ing. To keep them generating revenues and in the fold, firm leaders tend to say yes rather than no. In return, each fiscal year profits are maximized and distributed to the partnership. So, despite the intensity of partner efforts, the firm is less than the sum of the parts. Such enterprises are not well positioned to take market share. Yet, there is evidence that this partner-centric business model describes a large proportion of the large law firm sector. Research by ALM, BTI and Lexis shows that in-house capacity is growing and that outside legal spending, at least on traditional law firms, is declining. General counsel are choosing to build rather than buy because so few firms are truly working backward to satisfy their needs. Instead, partners are working overtime trying to find the shrinking number of buyers for the package of services that the partner wants to sell—premium quality artisan work Who will be the leaders who get their firms to the priced at a premium rate. Internally, this is at best a zero sum game, as the other side of today’s massive industry consolidation? lawyers who are least successful are labeled unproductive partners and are pushed out. These are good lawyers operating under lousy manageand tells him that he doesn’t know what he’s talking about. ment and a set of preferences created by a multidecade Big Jobs pauses for a long time and acknowledges that one Law boom. If your firm wants the satisfaction of taking large of the hardest things about driving change is that your critchunks of the market, these preferences must change. ics will be right in some areas. Yet, Jobs says that disparate Perhaps the most useful lesson that can be drawn from pieces of brilliant technology are not enough unless they all the Jobs video is his unflinching acceptance that the path fit together into “a cohesive, larger vision that is going to forward requires direct, honest and difficult conversations allow you to sell $8 billion, $10 billion of product per year.” with peers and subordinates. “You have got to start with the customer experience To stand in a room with 1,000 engineers and developers, and work backward to the technology,” he says. “You can’t many of whom are angry, to invite them to ask any quesstart with the technology and try to figure out where you tion and to openly acknowledge disagreement and dissent are going to try to sell it. I have made this mistake more is a remarkably courageous act. More significantly, it comthan anybody in this room. And I have got the scar tissue municates respect: the mutual respect that must be in place to prove it.” for hundreds of professionals to work with one another in Ultimately, key decisions about Apple product and serthe service of a larger, cohesive vision in which the end-user vices were run through the customer experience filter. The client is made paramount. market data says that Apple got it right—and in ways we Today’s law firms need the type of visionary leadership that understand because so many of us remember the decision has been missing since the name partners were at the helm to buy our first iPod, iPhone, iPad, or MacBook. Sure, Aptwo or three generations ago. The last several decades of law ple products cost more, but they seemed more than worth firm prosperity brings to mind the proverb “Smooth seas it, as the products were so easy to use and were so elegant make poor sailors.” Recognizing that rough waters are ahead, and trouble-free. They were just so much better. it is time to stake out a vision that focuses relentlessly on the identified and unidentified needs of the client. No doubt this WORKING HARD DOESN’T MEAN WORKING SMART will required shared risk and experimentation. Many of your I know many big-firm lawyers who work tirelessly in service partners may not support you. But many just might. of their clients. Their work ethic is tremendous. Further, I Taking market share is not an intellectually fuzzy conhave seldom met a managing partner who did not preach cept. In a highly competitive market, we never have to the paramount value of client focus. I don’t doubt their wonder if we are getting it right. We are taking market sincerity. But is this combination of effort and attitude the share, losing market share or retaining market share. In 10 same thing as starting from the client experience and workyears, we will know the winning strategies and leaders who ing backward to figure out how to best design legal products got their organizations to the other side of a massive indusand services that will surprise and delight the end user? try consolidation. The answer to this question is clearly no. Most law firms resemble the farm that Job discovered upon his return to Apple. Partners and practice group tend to set their own William Henderson is a professor at Indiana University Maurer agendas, particularly if they have their own client followSchool of Law and a principal with Lawyer Metrics LLC. 4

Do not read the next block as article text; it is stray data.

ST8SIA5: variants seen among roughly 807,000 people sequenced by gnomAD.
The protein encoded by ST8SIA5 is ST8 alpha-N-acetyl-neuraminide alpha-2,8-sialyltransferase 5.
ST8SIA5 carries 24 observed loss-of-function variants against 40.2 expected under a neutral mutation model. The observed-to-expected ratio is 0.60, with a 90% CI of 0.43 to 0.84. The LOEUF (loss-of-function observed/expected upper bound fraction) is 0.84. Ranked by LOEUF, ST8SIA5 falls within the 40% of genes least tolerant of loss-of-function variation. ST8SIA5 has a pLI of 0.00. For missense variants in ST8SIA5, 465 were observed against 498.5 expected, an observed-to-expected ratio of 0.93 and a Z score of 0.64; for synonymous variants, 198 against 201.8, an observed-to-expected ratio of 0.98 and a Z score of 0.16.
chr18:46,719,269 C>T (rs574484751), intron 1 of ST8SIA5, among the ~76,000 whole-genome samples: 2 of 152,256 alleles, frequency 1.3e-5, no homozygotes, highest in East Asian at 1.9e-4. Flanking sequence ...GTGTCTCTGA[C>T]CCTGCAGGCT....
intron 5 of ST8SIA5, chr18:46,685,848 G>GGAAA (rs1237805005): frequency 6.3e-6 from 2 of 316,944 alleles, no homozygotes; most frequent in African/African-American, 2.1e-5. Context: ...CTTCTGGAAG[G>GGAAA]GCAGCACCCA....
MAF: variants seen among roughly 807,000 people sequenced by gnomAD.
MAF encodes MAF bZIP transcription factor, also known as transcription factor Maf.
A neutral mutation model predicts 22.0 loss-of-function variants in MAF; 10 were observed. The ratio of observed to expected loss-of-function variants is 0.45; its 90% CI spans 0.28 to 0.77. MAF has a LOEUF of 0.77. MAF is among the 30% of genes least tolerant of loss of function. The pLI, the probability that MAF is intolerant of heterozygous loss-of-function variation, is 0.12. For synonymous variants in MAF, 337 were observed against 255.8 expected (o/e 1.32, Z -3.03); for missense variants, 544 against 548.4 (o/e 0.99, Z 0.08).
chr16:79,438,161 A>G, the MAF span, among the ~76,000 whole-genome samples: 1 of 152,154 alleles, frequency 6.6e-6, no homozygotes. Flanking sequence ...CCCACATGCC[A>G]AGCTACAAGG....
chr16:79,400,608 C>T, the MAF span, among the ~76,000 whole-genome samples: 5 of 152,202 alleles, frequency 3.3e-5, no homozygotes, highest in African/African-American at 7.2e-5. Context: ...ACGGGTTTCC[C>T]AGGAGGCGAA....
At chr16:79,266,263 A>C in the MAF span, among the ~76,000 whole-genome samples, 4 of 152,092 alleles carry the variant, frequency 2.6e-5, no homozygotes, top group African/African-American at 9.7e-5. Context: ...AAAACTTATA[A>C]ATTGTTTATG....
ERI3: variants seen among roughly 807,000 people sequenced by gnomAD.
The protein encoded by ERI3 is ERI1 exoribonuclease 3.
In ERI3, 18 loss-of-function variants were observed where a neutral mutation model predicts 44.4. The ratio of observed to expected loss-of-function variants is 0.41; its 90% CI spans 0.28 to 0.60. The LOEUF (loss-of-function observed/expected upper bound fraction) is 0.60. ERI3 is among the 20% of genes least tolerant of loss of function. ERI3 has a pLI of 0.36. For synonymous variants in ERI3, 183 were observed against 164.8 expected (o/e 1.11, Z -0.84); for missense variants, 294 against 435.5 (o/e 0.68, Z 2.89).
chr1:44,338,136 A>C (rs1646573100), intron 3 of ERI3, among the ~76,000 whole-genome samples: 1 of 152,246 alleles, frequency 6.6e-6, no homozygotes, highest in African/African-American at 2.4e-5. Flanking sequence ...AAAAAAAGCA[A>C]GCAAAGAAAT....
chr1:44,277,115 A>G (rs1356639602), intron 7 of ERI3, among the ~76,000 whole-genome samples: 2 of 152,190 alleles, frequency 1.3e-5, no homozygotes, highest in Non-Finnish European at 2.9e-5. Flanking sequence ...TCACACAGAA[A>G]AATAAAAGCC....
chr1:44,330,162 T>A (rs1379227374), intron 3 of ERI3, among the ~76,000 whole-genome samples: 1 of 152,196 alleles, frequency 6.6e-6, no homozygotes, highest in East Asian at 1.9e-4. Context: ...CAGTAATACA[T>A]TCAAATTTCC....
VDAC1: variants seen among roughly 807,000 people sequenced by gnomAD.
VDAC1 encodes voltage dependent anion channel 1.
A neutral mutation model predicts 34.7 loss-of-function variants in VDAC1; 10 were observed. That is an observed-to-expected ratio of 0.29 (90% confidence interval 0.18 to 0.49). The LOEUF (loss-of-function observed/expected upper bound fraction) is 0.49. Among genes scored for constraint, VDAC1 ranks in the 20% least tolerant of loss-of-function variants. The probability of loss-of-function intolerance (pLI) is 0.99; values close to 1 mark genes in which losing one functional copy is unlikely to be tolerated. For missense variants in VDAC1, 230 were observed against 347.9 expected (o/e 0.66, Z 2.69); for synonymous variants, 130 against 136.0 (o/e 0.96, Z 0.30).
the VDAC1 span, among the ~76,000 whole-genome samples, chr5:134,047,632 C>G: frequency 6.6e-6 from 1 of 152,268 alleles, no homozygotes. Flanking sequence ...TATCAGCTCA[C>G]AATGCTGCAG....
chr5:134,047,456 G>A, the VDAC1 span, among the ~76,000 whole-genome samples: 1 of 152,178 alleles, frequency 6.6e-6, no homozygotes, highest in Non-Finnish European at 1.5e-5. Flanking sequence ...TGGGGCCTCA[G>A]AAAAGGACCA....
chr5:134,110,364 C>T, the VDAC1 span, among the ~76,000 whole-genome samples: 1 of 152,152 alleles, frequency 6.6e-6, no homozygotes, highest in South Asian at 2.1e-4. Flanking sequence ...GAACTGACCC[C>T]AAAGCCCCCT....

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Profile for Lawyer Metrics

How to Take Market Share  

This article tells the story of how Steve Jobs led Apple to the greatest market share story in modern history by using the focus principle:...

How to Take Market Share  

This article tells the story of how Steve Jobs led Apple to the greatest market share story in modern history by using the focus principle:...